And in tossing the lawsuit, Posner also rejected the idea of banning an entire smartphone or other device based on the infringement of patents covering individual features (like streaming video).

Despite his general skepticism about the need for software patents, Judge Posner actually offered to preside over the Apple/Motorola case because of his interest in patents - and he was looking forward to the trial.

However, "I didn't think I could have a trial just for fun," he admitted. (Not to worry, Your Honor - there are plenty of other patent lawsuits in the news at any given time to thrill and amuse IP enthusiasts.)

Of Trademarks and Really Expensive Bowling Shoes

Submitted by General Patent on Thu, 06/14/2012 - 18:35

Gucci won a trademark infringement lawsuit against Guess? Inc., but the payout was much smaller than Gucci anticipated. Gucci America, Inc v. Guess?, Inc.
(SDNY 2012)

The basis of the suit: Gucci accused Guess of infringing five of its trademarks as embodied in some of the ugliest shoes ever to walk the earth. (You can view them here...if you dare.)

Both Gucci's shoes and Guess's knockoffs are reminiscent of Gucci's famous purses, where this writer opines that the design is used much more successfully. Gucci claimed that five trademarked design elements were infringed and/or diluted: The green-red-green stripe; a repeating "GG" pattern with intertwined G's; the use of a diamond pattern with the "GG" design; a stylized G; and a script mark with the brand name. The Guess? shoes incorporated a version of all five trademarks, and Gucci anticipated $120 million in damages.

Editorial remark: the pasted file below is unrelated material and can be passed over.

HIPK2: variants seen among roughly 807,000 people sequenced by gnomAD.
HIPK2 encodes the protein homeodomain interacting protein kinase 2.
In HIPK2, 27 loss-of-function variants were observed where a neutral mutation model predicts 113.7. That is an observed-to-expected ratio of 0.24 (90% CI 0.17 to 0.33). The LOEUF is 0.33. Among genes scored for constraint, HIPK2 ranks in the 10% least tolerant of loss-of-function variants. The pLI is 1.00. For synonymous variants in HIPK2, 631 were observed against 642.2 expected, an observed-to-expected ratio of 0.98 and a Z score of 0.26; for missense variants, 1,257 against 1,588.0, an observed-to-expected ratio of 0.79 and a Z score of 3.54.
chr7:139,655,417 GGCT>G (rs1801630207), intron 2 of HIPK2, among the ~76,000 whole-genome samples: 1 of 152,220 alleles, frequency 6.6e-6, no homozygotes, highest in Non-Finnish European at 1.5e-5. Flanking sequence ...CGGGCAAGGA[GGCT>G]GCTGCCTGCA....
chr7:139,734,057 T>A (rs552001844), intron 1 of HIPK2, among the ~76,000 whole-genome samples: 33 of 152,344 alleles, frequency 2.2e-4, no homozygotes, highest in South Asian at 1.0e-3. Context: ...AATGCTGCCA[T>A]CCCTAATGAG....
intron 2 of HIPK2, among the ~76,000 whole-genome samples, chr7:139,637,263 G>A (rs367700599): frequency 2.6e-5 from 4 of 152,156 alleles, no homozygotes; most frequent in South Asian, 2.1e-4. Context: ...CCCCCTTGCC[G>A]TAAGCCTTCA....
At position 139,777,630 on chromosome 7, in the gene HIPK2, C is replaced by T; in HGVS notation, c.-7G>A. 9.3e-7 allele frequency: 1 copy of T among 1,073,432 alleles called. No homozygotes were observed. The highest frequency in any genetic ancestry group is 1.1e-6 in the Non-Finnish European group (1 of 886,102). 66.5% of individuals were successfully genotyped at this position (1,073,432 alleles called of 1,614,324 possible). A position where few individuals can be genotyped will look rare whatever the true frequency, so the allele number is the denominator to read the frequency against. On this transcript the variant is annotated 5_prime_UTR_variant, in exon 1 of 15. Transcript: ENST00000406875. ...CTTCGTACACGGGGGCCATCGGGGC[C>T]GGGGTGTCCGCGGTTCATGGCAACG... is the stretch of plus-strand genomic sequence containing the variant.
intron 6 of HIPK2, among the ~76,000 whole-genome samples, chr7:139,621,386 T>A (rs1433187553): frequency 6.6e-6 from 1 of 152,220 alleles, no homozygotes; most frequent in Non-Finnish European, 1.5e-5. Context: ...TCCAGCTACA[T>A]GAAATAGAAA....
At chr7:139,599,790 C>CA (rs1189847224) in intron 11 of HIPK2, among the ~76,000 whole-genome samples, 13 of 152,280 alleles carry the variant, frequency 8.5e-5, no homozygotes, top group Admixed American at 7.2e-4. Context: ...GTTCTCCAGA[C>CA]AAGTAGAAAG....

However, in the final decision, Gucci was only awarded $4.648 million. What went wrong?

We won't go too deep into an analysis of the infringement/dilution (in part because it's complicated; in part because it would necessitate spending more time looking at these shoes), but the judge found the stripe pattern to be a "basic" fashion design; the stylized "G" to be a weak mark; and the "script" mark did not cause confusion because each company's mark spelled a different brand name.

Gucci's case was also weakened by the fact that it was found to have treated Guess? differently from other alleged infringers. Said the judge: “Over the years, Gucci has sent out hundreds of cease and desists letters to entities ranging from national companies such as Bebe, Juicy Couture, and Williams-Sonoma, all the way to small-time infringers, such as a counterfeiter working out of her Los Angeles apartment and a rabbi in New York, who they suspected might sell counterfeit Gucci products to benefit his synagogue.”

In the present case, however, Gucci was aware of the alleged infringement by Guess? for several years but took no action, not even a "cease and desist" letter. Thus Gucci's claims of being unaware of the potential infringement were less than credible. And for the final nail in this case's coffin, Gucci failed to present evidence of actual damages.

The judge seems to share our opinion about the attractiveness of the infringed product, writing that Oscar Wilde “aptly called [fashion] ‘a form of ugliness so intolerable that we have to alter it every six months.’ With the instant disputes now resolved … it is my hope that this ugliness will be limited to the runway and shopping floor, rather than spilling into the courts.”

We hope so too. But if Gucci is still interested in finding infringers to sue, they might find similar shoes as close as the nearest bowling alley.